Dispatches From a FoodCorps Service Member: Teaching History Through Taste
Mar. 26, 2014
by Carly Chaapel, FoodCorps Service Member, Salem County Vo-Tech School and Rutgers Cooperative Extension
The bell sounds, my cue for any last minute preparations before a curious bunch of fourth graders eagerly bounces in for Spanish class. "Aww, yes!! What are we making this week?!" - a question often elicited by my purple FoodCorps tee. This marking period, Miss Martha Arrizon is taking full advantage of her art-room-turned-Spanish-class. What was once a fully functional home economics classroom, complete with oven, stove top, and sink, now serves as the perfect space for art projects - for the aspiring Picasos and Julia Childs alike.
I'm Carly, and this year I serve with FoodCorps here in my home countryside of beautiful southern New Jersey. As part of a nationwide team of leaders bringing real food education to communities in need, my office moves from schoolyard garden, to classroom, to cafeteria on a daily basis. Though the Salem County Career and Technical High School may be my home base, my service in Salem County extends into local primary schools as well. Here at Mannington Township Elementary School, the fourth grade students are diving right in to a series of Hispanic-inspired cooking classes.
I know what you're thinking. Wonderful! The kids are learning how to make salsa! And trust me, when the glorious summer sun returns to ripen our one-of-a-kind Jersey tomatoes on the vine, our students will be eating salsa for days. But in the dead of winter, Miss Martha has another plan. One that veers off the well-beaten path of tacos and into a world of truly authentic Hispanic cuisine.
Coming from Mexico with a passion for education with impact, Miss Martha prefers to teach the majority of her class in Spanish. Her fourth graders are absorbing vocabulary, pronunciation, and cultural lessons at an impressive pace, and when she heard about FoodCorps, Miss Martha seized the opportunity for the perfect partnership. "I don't cook, but I love to eat!" she exclaimed emphatically during our first meeting. "Excellent. You tell me what we're making and I'll help you teach it!"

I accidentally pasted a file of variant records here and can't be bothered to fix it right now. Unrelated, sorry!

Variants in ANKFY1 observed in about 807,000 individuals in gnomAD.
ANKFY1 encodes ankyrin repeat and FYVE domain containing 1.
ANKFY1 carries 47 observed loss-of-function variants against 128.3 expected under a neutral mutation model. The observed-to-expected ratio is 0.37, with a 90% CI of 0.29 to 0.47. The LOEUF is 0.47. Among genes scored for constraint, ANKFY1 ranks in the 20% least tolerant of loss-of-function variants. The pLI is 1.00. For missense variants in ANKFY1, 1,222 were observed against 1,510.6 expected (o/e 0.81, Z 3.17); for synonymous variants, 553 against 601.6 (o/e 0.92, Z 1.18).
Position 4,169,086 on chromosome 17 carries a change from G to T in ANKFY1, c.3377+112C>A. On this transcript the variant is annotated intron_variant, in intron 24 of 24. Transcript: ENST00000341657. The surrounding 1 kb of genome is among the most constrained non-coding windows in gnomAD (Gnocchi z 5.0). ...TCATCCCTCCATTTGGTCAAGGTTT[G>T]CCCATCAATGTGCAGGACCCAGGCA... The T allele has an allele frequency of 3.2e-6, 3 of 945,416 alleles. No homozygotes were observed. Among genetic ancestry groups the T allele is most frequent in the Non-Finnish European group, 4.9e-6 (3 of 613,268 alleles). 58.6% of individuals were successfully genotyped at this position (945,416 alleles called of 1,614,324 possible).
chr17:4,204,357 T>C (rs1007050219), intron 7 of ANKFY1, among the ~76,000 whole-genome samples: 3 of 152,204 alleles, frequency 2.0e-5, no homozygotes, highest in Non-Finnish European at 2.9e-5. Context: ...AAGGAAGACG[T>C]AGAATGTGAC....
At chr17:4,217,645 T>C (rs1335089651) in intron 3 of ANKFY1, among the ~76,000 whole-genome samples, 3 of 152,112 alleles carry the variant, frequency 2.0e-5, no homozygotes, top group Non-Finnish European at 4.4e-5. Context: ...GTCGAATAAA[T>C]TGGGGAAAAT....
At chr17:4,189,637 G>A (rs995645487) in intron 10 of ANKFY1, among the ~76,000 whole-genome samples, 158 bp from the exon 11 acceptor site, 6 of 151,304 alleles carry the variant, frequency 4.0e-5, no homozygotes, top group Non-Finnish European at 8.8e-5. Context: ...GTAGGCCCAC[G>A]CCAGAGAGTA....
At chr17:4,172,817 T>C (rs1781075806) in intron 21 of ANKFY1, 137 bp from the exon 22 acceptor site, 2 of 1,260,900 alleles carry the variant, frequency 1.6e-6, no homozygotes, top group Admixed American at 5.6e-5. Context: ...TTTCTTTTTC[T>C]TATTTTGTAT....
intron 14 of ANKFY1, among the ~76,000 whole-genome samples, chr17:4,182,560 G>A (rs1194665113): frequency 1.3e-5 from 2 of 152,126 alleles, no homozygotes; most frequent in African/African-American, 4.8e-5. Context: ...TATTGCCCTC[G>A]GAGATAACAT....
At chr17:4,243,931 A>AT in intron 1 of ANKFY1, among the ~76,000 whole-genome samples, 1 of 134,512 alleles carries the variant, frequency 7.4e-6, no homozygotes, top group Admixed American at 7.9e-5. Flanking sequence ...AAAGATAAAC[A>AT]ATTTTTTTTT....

And so began a series of food culture-inspired classes, in which the students not only taste, but also create, dishes from around the world. In the course of four weeks, we have traveled from Spain, to Mexico, to the Caribbean and El Salvador. Our class has tasted pickled cactus paddle (nopales) and cinnamon-spiced chocolate. We've hand-pressed our own pupusas (a Central American corn tortilla of masaharina flour), and we've mashed avocado with authentic molcajetes - the ancient mortar and pestle. We've read a Mexican story about eating cactus in winter when fresh vegetables are difficult to find, and we've learned about the nutritional components of each ingredient. Yes, please fill up on those protein-rich scrambled eggs with cactus, but go light on the churros... those are "treat" foods, everyone. The students have happily splashed their cactus and eggs with hot sauce, worked some muscle into their corn tortillas, and slurped their soy milk Mexican hot chocolate to the last drop. All of this with a contagious eagerness for the thrill of new flavors, and an appetite for "more of this class."
"Hey, what were you feeding those kids just now?" a curious school food director asks. "They came to lunch REALLY happy. Can we try some?" Absolutely. Yes!A recipe for Pupusas con Queso:
2 cups masa harina (corn flour)
1 1/2 cups water
queso fresco , crumbled, or other shredded cheese
olive oil, for frying
beans and salsa, for serving
Mix 2 cups masa with 1 cup water in a medium bowl. Add more water until the dough just sticks together when squeezed. Form a ball of dough in your palm and press into a flat cake. Add cheese on top and fold dough over, re-flattening your tortilla. Drizzle a small amount of olive oil into a nonstick pan over medium heat. Pan fry your pupusas until lightly browned on both sides. Serve with warm beans and salsa of your choice.backcomments powered by Disqus